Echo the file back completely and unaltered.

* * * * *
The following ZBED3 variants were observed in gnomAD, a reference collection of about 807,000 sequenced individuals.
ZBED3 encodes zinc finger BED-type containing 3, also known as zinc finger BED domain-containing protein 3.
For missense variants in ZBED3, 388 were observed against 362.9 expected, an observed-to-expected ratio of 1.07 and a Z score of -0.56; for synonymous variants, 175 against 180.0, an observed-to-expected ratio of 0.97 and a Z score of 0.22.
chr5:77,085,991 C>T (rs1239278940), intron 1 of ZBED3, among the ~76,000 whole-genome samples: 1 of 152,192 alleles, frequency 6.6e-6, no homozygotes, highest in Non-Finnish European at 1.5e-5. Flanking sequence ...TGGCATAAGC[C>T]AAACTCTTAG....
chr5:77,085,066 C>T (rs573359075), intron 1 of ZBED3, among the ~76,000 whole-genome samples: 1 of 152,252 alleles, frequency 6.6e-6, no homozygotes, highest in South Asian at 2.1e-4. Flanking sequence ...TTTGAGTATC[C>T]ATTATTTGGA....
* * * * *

The following ZBED3 variants were observed in gnomAD, a reference collection of about 807,000 sequenced individuals.
ZBED3 encodes zinc finger BED-type containing 3, also known as zinc finger BED domain-containing protein 3.
For missense variants in ZBED3, 388 were observed against 362.9 expected, an observed-to-expected ratio of 1.07 and a Z score of -0.56; for synonymous variants, 175 against 180.0, an observed-to-expected ratio of 0.97 and a Z score of 0.22.
chr5:77,085,991 C>T (rs1239278940), intron 1 of ZBED3, among the ~76,000 whole-genome samples: 1 of 152,192 alleles, frequency 6.6e-6, no homozygotes, highest in Non-Finnish European at 1.5e-5. Flanking sequence ...TGGCATAAGC[C>T]AAACTCTTAG....
chr5:77,085,066 C>T (rs573359075), intron 1 of ZBED3, among the ~76,000 whole-genome samples: 1 of 152,252 alleles, frequency 6.6e-6, no homozygotes, highest in South Asian at 2.1e-4. Flanking sequence ...TTTGAGTATC[C>T]ATTATTTGGA....